“Hello World!” as my automatic introductory post so aptly put it. This semester I have signed myself up for a class on the history of graphic design, which is helping to discipline me to create a blog by offering a shiny orange carrot in the form of a hefty 50 points of extra credit! It seems almost too good to be true, and I am very happy for the push. Each week, we are instructed to create “Field Journal” about a topic chosen for us in the class. This week, it was to look through the pictures in our textbook and comment on what stands out or our overall perspective about the topics and types of artwork covered in the book. Our textbook, “Meggs’ History of Graphic Design”, offers quite an extensive view of the field of graphic design, from pre-history cave drawings up through digital artwork created in 2005.
I saw a lot of new things looking through the textbook, but also a lot of familiar pictures and artists that I have studied in my previous art history courses. It is funny to see how much the fields of fine art and graphic art overlap. One of my old painting teachers at LA Valley College, Carol Bishop, used to describe my work as having a “graphic design quality”. My paintings were primarily flat, not quite naturalistic but more playful. I paint in an expressionistic way, and I am a colorist. To me, this is one way to define “graphic design” in a medium largely associated with fine art. I also think that many abstract artwork can be considered graphic design, especially if it is carefully laid out. This also brings in page layout as graphic design, and with that comes text and typography. These days, the lines are blurred between fine art and graphic design, which makes this class becoming more and more relevant to all art majors, and not just graphic designers.
I think the main difference, though, is that graphic design is primarily made to communicate information, facilitate learning, and invite a specific pre-calculated reaction with the viewer based on many factors that the artist is assuming apply to the viewer or reader. It has been stressed many times in my previous art history classes that fine art, however, is most often left for the viewer to draw their own conclusion from, to project themselves onto and get their own individual interpretation of. Many, if not most, fine artists want this sort of open-ended quality in their art work. It is what helps to keep it current, to keep it alive, and to keep people postulating about it long after the artist themselves is gone. It is something interesting to look at and to study. I think that the majority of graphic design is made for a specific audience at a specific point in time to evoke a specific reaction, whether it is to buy a product, communicate the theme or the importance of a written tract, or evoke feelings through propaganda. It’s why companies are constantly changing product packaging, why events have decorated fliers, or why books have covers.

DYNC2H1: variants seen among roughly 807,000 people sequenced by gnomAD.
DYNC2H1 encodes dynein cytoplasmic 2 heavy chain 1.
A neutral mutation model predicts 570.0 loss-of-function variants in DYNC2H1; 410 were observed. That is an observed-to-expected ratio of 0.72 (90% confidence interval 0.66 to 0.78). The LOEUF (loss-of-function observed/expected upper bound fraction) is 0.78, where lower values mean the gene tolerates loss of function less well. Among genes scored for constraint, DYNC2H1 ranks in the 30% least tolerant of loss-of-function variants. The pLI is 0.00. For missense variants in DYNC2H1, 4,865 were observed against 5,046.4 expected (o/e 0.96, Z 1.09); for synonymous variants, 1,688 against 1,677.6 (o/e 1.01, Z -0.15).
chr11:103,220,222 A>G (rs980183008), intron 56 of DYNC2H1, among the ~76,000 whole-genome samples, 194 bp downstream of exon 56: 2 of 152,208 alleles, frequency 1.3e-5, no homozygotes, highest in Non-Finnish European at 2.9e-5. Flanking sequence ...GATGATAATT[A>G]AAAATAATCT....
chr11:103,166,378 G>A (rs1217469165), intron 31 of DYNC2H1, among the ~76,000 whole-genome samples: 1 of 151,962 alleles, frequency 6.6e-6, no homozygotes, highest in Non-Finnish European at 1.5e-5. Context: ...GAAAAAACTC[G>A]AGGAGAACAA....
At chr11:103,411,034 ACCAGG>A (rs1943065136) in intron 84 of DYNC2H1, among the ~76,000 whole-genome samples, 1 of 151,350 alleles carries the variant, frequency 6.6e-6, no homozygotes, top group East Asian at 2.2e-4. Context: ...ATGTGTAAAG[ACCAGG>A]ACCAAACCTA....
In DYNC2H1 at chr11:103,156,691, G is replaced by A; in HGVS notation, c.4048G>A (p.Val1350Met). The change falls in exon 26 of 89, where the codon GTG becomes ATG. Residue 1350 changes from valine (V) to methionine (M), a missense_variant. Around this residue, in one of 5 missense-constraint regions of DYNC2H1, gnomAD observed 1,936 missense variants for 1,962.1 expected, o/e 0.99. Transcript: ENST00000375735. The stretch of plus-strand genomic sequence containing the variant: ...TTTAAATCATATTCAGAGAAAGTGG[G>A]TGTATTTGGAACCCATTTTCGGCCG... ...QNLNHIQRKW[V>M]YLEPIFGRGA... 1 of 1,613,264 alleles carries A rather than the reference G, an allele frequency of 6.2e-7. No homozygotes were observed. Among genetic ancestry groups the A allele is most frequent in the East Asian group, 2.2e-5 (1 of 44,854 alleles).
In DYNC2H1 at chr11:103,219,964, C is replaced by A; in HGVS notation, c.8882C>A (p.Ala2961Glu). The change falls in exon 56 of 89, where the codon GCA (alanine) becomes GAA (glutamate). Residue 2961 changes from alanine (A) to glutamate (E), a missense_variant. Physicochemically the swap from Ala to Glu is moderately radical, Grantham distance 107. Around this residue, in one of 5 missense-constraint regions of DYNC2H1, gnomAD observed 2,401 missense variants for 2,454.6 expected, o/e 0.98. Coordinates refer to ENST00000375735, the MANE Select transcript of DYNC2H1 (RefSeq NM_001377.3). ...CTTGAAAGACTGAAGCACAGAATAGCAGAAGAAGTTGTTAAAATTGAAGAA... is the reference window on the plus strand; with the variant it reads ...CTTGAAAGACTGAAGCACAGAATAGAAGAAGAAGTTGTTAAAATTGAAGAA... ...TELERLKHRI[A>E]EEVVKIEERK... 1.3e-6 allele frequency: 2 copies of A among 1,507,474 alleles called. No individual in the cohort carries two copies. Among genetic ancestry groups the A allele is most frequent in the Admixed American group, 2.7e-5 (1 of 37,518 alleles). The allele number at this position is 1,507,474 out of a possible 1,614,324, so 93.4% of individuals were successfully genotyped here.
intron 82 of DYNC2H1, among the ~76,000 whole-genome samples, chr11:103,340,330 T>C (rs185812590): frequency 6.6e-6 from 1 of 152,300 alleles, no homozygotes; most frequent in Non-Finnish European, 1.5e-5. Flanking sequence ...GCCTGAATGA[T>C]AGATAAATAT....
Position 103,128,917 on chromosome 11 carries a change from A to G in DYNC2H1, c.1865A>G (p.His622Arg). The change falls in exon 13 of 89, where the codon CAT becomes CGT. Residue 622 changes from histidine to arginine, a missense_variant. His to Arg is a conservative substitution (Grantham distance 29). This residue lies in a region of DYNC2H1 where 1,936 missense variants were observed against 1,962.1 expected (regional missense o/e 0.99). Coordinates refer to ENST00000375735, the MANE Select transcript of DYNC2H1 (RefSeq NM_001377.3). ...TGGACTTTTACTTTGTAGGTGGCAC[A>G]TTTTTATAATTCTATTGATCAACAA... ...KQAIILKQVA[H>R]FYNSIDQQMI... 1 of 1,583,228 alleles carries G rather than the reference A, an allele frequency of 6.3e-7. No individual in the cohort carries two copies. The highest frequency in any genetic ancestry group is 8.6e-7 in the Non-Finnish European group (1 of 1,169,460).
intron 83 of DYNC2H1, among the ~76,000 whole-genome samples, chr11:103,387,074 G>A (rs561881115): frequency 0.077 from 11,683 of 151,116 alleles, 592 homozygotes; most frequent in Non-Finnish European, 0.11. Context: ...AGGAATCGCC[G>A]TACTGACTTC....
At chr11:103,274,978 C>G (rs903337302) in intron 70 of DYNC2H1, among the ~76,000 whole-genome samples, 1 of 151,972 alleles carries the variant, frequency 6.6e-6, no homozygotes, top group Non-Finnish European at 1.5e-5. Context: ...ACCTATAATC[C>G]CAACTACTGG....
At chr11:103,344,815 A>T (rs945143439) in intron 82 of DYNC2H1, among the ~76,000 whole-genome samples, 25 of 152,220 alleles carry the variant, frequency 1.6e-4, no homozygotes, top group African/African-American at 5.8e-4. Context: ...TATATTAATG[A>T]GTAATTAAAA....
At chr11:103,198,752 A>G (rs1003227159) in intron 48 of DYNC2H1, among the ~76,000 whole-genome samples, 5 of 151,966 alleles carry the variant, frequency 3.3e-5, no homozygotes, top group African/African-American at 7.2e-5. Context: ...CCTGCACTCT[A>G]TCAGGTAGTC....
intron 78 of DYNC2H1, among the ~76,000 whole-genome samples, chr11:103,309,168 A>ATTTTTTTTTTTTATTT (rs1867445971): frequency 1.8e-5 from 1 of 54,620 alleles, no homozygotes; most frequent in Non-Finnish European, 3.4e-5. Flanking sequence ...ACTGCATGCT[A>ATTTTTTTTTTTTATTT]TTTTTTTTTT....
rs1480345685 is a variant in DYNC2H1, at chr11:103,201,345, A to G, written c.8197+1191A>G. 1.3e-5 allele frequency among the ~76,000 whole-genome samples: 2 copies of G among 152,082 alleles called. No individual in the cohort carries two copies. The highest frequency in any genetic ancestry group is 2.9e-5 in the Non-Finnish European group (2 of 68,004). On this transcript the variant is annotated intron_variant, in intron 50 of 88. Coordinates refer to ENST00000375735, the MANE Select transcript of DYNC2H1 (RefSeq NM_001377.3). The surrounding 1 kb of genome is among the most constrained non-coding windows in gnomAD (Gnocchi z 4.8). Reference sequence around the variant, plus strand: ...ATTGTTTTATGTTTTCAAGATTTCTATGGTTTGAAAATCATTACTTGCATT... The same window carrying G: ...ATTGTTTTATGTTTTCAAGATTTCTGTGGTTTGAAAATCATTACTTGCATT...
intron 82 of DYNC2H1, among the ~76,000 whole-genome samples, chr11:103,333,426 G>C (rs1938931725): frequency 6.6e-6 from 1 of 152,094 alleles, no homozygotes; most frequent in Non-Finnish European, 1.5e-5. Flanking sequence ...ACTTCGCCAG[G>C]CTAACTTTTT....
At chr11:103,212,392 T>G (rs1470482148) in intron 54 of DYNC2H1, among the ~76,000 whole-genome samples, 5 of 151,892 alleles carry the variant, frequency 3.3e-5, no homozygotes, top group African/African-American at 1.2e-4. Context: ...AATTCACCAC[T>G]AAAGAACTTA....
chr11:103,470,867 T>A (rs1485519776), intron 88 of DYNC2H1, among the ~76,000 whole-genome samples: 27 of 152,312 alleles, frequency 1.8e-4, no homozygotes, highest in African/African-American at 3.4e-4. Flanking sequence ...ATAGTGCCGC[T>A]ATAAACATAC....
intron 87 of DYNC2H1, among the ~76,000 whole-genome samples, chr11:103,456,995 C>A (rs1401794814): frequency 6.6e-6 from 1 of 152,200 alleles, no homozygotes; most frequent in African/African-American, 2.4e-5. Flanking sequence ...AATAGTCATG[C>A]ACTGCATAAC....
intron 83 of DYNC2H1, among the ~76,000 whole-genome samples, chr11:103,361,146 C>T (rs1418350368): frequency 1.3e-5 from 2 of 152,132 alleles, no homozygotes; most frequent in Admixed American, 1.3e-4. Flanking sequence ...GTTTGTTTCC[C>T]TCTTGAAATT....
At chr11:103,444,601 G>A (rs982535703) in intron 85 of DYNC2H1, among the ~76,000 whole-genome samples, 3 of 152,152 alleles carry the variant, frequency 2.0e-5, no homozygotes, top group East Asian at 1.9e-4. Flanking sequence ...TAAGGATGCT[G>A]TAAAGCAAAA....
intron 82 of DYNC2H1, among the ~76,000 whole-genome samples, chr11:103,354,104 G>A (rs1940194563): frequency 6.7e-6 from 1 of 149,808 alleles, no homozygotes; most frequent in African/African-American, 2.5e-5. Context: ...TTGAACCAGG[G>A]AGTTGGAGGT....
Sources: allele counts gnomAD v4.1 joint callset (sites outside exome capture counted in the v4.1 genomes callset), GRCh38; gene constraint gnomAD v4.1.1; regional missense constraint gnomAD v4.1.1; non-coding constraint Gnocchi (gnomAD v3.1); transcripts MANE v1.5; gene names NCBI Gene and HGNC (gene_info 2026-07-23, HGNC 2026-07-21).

The Beggarstaffs - Poster for Don Quixote, 1896.
All of that being said, there were a few pieces that made me pause a little longer than normal. The image 14-3, a poster for Don Quixote by the Beggarstaffs, really held my attention. I love pictures that are made from cut picture shapes. I love the simplicity and overlapping and the inky organic quality that emerges from having one color plane of an image cut from a single sheet of paper. I love the flat, clean, graphic quality. It reminds me of some work I saw recently when I went to the Super iam8bit show in LA. One artist did a series of 9 different Kirbys all in cutout paper. Here’s a photo of my favorite. I found it very inspiring, and they look even more neat in person.
Laser Kirby from the super iam8bit show
Another picture I really enjoyed was image 21-30, a poster for Anna Christie by James McMullan. I love how the colors of the watercolor paint blend together and push up against one another to create the sense of lighting and dimensionality in the image. At first glance I kind of overlooked this picture since it is bottom heavy, and my eyes were primarily drawn to the high contrast between the lively lucid red lines against a pale background, but after reading the description I gave it a second look, and I then found the face. The highlights are magical, the shadow denotes the mood coming through her eyes, and the position she is sitting in makes me want to know more about her, so I searched the picture trying to find out more.
I hope that I have provided something engaging or thought-provoking for you here today. Please feel free to leave a comment.